There are simple things you can do every day to make sure your knees stay healthy as long as possible. Although this isn’t an exhaustive list we’ve outlined seven steps that can help keep your knees in good shape.
Excess body weight puts a strain on your joints, but most dramatically on your knees which increases the risk of cartilage breakdown, potentially leading to osteoarthritis. For every pound you lose, the pressure on your knees is reduced by four. Now that’s an investment in yourself we know you would make!
The more you move the more flexible your joints will be. So get up and go for a walk, swim, bike ride or do some other low impact activity. This added exercise will also help burn more calories, most likely lessening the pressure on your knees.
Research has shown that having strong thigh muscles can reduce the risk of osteoarthritis in your knees. When you don’t have enough muscle strength, the knees, which support the entire weight of your body, take a pounding. Strength training builds strong muscles, and ligaments, thereby easing the stress placed on your joints. So get on those squats and lunges! [yframe url=’http://www.youtube.com/watch?v=mh5r1rJ7Yk0′]
Activities like skiing or kneeling to pull weeds can be rough on your knees. Use a knee brace or a kneeling pad to protect against injury. If your job requires repetitive kneeling or squatting be aware of your form, or try to find another way to do the work required that reduces strain on your knees and other joints.
Major injuries, the kind that require surgery, increase a person’s risk for osteoarthritis. Weekend warriors, those who sit all week for their job, and run or play sports on the weekend for hours at a time, have a greater risk for injury and osteoarthritis. Keeping active through the week helps keeps your body strong and your joints pliable.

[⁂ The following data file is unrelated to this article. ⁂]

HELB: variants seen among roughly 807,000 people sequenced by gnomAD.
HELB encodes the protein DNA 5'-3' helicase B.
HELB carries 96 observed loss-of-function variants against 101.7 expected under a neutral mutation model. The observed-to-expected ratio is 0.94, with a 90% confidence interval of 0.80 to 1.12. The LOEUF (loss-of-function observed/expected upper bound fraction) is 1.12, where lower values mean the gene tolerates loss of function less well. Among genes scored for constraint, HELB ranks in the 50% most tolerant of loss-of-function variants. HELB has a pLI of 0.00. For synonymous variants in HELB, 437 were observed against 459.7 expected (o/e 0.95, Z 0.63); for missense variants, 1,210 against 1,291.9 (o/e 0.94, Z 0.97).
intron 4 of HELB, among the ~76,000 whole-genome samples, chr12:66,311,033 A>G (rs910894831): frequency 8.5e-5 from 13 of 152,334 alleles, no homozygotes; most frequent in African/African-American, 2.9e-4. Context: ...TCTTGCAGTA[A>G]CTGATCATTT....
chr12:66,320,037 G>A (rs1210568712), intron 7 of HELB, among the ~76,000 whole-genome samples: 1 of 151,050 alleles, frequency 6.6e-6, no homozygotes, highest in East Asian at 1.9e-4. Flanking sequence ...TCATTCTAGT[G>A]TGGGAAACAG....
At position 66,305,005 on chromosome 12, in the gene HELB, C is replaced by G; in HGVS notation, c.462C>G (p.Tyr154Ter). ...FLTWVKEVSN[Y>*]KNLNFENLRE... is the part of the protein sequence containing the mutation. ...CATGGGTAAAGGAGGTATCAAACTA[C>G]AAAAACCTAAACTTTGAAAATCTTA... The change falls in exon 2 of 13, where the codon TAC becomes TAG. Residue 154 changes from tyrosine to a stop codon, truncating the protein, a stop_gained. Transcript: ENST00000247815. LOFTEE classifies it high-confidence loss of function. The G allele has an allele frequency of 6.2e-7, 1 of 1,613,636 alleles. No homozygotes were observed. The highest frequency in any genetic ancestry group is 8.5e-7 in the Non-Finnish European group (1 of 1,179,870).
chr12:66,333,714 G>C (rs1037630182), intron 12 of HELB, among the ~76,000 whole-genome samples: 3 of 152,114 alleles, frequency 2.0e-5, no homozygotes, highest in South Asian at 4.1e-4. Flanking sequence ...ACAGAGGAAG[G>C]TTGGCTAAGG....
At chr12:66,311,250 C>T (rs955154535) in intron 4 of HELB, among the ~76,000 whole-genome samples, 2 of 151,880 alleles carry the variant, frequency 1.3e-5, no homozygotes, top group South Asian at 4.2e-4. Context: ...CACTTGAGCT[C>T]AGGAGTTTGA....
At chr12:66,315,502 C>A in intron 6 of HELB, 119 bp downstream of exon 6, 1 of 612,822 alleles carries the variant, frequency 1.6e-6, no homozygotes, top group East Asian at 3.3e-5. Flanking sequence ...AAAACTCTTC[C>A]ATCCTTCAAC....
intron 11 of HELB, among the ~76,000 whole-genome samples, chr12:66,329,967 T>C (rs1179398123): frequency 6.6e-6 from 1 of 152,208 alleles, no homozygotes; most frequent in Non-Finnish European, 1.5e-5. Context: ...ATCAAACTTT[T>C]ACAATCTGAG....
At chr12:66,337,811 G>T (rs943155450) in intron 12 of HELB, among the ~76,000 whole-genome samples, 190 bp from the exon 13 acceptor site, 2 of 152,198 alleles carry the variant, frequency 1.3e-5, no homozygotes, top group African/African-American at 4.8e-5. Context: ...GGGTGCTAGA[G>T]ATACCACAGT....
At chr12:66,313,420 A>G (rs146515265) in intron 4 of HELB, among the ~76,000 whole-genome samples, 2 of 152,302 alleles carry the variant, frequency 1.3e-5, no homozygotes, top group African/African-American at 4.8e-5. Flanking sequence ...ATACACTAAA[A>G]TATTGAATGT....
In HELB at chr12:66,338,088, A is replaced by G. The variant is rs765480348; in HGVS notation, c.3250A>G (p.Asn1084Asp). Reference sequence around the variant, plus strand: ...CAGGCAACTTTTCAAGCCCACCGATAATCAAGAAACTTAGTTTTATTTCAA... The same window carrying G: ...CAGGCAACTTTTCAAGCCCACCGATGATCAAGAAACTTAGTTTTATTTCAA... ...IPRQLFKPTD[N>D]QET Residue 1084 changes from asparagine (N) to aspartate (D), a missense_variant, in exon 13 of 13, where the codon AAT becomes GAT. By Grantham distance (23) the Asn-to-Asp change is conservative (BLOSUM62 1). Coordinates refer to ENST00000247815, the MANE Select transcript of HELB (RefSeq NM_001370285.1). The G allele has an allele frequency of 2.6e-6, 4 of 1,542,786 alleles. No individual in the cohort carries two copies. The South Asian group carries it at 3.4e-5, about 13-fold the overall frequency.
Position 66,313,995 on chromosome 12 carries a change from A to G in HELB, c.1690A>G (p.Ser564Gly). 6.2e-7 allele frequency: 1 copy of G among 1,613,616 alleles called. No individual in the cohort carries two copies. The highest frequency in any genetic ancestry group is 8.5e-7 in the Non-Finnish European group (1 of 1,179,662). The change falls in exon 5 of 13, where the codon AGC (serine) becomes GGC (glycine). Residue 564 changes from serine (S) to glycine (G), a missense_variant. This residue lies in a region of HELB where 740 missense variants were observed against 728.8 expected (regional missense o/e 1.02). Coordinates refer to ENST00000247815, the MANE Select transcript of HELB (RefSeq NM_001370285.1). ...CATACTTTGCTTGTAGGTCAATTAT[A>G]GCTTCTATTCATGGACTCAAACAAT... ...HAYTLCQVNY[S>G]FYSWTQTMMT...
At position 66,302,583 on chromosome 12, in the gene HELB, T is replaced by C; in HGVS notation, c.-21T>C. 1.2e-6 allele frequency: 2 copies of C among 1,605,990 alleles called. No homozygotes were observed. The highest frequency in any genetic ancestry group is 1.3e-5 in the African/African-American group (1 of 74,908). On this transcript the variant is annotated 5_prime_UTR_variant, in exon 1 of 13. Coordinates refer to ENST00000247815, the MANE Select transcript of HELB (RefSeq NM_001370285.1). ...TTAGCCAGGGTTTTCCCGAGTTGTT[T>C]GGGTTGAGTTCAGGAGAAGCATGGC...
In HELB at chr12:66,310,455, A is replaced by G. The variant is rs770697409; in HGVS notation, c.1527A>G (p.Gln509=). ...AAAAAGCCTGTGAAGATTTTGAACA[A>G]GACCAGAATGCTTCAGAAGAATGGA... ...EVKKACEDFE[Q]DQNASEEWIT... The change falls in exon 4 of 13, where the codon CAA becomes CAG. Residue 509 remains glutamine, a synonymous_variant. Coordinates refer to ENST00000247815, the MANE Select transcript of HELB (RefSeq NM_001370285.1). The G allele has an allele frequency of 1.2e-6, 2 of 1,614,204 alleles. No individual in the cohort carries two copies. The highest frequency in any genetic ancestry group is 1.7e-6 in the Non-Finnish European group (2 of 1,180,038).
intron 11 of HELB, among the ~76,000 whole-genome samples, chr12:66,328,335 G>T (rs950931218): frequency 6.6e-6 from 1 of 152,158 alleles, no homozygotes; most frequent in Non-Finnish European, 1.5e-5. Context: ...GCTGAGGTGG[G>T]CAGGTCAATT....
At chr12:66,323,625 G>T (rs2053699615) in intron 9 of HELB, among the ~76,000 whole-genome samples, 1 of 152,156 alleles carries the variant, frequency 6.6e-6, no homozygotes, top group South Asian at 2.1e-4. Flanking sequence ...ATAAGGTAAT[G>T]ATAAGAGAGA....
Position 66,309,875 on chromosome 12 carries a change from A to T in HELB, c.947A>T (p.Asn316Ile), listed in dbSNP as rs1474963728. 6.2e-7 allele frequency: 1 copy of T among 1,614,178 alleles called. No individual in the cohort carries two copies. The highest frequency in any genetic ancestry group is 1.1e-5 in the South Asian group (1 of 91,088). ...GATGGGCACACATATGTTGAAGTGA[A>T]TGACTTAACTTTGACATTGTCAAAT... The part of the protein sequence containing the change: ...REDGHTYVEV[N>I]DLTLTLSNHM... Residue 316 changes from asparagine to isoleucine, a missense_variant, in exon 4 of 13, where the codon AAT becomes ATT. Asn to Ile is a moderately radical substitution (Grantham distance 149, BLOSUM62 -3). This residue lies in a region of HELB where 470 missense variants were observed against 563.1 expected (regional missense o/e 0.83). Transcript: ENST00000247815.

Icing helps to reduce joint swelling and pain without drugs. To ice sore knees, wrap the ice or cold pack in a towel and apply to affected area for no more than 20 minutes. If you don’t have an ice pack, try using a bag of frozen vegetables (corn works great) wrapped in a thin towel. Don’t put ice directly on your skin as it may cause tissue damage through frostbite. Use ice for the first 24 – 48 hours after an injury.
Omega-3s promote joint health and reduce swelling in joints with arthritis. We highly recommend a fish oil supplement as an easy way to get the nutrition your body needs. Salmon is also great for your joints; it’s a good source of calcium and is rich in omega-3 fatty acids. Speaking of calcium…
We realize that life is rather hectic, but we hate to hear about knee pain keeping you from your favorite activities. By weaving our seven knee health recommendations into your life, you’ll be taking the right steps to long loving relationship with your knees.